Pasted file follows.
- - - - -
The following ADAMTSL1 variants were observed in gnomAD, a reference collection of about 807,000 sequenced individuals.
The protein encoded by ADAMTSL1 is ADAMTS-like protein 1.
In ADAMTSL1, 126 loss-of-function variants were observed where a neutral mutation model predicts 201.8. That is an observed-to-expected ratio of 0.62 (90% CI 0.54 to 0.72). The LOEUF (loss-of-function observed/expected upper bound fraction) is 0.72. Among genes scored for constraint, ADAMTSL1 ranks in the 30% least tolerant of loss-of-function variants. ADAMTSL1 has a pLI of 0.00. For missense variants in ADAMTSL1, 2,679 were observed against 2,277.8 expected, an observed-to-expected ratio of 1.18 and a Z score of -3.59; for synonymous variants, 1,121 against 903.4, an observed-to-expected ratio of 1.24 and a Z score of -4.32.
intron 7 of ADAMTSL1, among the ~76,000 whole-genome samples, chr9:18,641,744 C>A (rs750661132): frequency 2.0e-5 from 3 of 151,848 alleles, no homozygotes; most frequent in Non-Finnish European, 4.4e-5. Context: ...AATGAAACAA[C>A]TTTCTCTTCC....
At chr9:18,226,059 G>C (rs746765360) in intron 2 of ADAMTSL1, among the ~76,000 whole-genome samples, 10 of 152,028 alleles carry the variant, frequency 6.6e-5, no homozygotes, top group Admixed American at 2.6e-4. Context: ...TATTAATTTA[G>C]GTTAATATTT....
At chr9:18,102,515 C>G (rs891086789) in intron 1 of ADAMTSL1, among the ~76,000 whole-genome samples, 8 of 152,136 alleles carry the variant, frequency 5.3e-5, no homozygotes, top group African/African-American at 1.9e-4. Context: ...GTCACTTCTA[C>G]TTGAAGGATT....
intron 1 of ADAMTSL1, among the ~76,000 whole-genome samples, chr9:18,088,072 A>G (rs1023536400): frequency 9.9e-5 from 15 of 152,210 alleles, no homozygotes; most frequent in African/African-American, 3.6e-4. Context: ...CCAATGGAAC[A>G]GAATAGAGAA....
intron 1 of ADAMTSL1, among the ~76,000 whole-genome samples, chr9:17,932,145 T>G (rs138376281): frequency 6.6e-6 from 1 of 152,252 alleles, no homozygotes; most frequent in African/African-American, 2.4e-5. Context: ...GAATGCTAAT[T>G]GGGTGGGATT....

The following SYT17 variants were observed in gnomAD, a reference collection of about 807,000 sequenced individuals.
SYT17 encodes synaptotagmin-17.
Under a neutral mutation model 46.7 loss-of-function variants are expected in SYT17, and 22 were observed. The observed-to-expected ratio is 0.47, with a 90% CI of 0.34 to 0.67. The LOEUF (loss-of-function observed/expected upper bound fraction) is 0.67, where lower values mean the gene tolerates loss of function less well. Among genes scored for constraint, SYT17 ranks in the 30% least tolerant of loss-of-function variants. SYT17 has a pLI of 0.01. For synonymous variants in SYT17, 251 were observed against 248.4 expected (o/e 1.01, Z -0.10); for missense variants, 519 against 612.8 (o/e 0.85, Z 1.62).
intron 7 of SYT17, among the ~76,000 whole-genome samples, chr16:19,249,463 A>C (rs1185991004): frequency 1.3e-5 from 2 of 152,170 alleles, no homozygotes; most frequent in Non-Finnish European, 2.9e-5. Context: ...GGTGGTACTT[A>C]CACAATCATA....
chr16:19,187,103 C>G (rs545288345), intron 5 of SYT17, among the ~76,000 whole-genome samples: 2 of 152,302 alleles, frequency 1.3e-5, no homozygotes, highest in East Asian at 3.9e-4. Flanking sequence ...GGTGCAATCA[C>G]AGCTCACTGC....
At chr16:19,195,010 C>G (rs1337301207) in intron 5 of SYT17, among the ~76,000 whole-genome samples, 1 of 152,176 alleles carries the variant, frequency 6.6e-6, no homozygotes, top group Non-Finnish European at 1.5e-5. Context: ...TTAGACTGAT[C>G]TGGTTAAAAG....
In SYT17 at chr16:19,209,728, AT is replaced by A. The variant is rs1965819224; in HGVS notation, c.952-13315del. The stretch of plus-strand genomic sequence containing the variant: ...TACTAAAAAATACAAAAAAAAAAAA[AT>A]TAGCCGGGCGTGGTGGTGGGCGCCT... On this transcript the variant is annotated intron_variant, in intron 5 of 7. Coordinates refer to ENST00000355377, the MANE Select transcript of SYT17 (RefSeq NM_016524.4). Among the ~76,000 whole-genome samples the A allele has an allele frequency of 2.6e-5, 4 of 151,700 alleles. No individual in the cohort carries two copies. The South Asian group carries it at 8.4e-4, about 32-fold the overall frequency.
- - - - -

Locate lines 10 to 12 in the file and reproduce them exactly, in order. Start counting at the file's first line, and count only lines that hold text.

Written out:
SYT17 encodes synaptotagmin-17.
Under a neutral mutation model 46.7 loss-of-function variants are expected in SYT17, and 22 were observed. The observed-to-expected ratio is 0.47, with a 90% CI of 0.34 to 0.67. The LOEUF (loss-of-function observed/expected upper bound fraction) is 0.67, where lower values mean the gene tolerates loss of function less well. Among genes scored for constraint, SYT17 ranks in the 30% least tolerant of loss-of-function variants. SYT17 has a pLI of 0.01. For synonymous variants in SYT17, 251 were observed against 248.4 expected (o/e 1.01, Z -0.10); for missense variants, 519 against 612.8 (o/e 0.85, Z 1.62).
intron 7 of SYT17, among the ~76,000 whole-genome samples, chr16:19,249,463 A>C (rs1185991004): frequency 1.3e-5 from 2 of 152,170 alleles, no homozygotes; most frequent in Non-Finnish European, 2.9e-5. Context: ...GGTGGTACTT[A>C]CACAATCATA....